- The catch in Kenny Glasgow's voice made me wonder at first. He's forlorn-sounding, foggy and lonesome, and he wavers around pitch so determinedly in the first couple minutes of The Drawing Board's opening track, "Much Too Much," that the first time through it registered as passive aggression. What is this? I mean, yes, it's the album by the guys who did "Without You," RA's No. 1 track of last year—and that Ian Curtis-like sepulchral quality (albeit pitched up some: Glasgow's a tenor to Curtis's baritone) of tone and time had been the grabber there, too. But still—an album's worth? Well, at least I couldn't complain that Glasgow and Art Department partner Jonny White were running away from the thing that had made people care.
In fact, it was exactly the opposite—gloriously so. The Drawing Board is that rare thing: an album that takes everything good about a spectacular single and draws out its possibilities for its entire length. Glasgow's singing is breathy and nervy, and it flickers out of the speakers just enough to lure you in—a job the grooves complete. The tracks here are spare and deliberate: simple drum machines, sprinkles of programmed percussion, one-handed keyboard bass, cheap Casio chords, muttered spoken vocal overdubs. "Living the Life," one of two cuts with Seth Troxler (the other, "Vampire Nightclub," was the original A-side of "Without You") makes Art Department's debt to '80s Chicago house explicit by throwing in a quote from The It's "Donnie," while the percussion track of "Tell Me Why (Part 1)" slowly dissolves, revealing its similarities to Loose Joints' "Is It All Over My Face?"
But those are winks, not crutches. Like LCD Soundsystem or the first Luomo album, these are long tracks dense with allusion that sound like they were made up on the spot. Their length is key to that illusion, and to the album's strength. They stretch and tease out bits of interplay—between a Morse Code keyboard motif, a woman's soulful "mmm-hmmm" and a more robotic "on," occasional '80s video game lasers and other vocal samples, over a crisp and dry drum track, for instance, as on "What Does It Sound Like?"—in order to incrementally load the atmosphere with tension. But for all the moodiness on show here, there's no sense that Glasgow and White are truly gloomy: they keep the arrangements moving around too much for that. It's more like they find it cathartic, and beautiful—and can teach even a skeptic to as well.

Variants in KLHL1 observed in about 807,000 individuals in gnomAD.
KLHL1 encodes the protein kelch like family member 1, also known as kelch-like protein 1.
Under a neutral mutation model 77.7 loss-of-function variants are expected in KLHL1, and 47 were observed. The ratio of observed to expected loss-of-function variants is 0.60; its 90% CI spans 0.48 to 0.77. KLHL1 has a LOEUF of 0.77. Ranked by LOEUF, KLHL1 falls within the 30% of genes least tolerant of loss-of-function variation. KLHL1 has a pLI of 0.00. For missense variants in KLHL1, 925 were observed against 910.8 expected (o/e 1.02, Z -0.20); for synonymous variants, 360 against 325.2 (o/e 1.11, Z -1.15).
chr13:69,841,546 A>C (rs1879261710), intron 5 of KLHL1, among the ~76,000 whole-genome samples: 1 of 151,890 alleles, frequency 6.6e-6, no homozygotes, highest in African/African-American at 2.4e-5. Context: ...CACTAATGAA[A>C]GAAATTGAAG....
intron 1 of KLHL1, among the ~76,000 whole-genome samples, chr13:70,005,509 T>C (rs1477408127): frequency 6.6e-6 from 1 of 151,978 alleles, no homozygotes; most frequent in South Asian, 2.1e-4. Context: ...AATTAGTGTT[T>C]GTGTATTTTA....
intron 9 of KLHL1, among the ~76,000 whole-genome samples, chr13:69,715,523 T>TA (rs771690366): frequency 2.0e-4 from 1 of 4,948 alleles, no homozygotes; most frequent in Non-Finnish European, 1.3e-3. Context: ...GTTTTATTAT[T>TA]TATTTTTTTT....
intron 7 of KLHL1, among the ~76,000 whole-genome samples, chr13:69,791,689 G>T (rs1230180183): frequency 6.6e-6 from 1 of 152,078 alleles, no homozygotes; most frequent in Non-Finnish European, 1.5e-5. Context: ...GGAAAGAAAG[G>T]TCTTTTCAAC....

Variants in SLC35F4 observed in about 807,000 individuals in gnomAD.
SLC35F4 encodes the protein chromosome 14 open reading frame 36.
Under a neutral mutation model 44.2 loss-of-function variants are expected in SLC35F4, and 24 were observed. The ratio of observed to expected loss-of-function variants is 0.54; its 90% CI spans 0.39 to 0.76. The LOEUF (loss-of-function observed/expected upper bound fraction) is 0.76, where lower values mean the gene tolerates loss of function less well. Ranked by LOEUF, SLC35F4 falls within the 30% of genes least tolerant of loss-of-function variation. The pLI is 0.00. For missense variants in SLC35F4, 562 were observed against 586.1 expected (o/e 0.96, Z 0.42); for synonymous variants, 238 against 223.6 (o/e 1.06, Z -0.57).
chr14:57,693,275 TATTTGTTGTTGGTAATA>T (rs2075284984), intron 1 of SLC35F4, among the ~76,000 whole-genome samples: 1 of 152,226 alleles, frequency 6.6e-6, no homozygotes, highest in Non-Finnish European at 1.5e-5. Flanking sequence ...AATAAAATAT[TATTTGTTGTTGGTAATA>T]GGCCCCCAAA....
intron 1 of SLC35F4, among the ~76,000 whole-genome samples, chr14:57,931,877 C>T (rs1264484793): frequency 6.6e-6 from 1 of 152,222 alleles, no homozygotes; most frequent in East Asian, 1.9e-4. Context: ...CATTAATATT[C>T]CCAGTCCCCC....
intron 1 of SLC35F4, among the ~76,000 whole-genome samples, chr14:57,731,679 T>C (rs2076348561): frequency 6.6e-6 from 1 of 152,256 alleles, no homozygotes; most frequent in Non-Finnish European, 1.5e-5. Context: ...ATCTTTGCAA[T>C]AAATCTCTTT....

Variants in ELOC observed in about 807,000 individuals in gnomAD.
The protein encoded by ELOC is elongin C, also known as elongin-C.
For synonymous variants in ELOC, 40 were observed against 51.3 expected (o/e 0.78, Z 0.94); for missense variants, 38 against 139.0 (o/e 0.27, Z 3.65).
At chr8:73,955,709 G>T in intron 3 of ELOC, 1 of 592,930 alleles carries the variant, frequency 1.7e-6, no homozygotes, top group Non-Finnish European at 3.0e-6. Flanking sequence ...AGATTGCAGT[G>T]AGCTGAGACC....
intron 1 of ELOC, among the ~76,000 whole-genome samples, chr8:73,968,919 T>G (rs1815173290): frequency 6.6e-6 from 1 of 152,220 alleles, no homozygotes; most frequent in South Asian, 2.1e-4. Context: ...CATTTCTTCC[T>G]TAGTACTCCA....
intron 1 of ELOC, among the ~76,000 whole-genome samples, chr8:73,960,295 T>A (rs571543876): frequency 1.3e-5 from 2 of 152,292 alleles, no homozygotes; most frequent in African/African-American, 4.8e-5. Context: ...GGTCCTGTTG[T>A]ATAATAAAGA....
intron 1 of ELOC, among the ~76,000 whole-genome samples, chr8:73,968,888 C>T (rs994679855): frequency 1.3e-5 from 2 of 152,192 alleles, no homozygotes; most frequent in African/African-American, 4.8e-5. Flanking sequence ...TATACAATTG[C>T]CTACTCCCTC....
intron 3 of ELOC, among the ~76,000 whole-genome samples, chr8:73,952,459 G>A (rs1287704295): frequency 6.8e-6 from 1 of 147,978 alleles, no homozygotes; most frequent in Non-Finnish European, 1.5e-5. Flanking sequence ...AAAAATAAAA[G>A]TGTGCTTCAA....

01. Much Too Much
02. Tell Me Why (Part I)
03. Living The Life feat. Seth Troxler
04. What Does It Sound Like?
05. Without You
06. We Call Love feat. Soul Clap & Osunlade
07. Vampire Nightclub feat. Seth Troxler (Album Version)
08. In The Mood
09. Roberts Cry
10. Tell Me Why (Part II)
11. I C U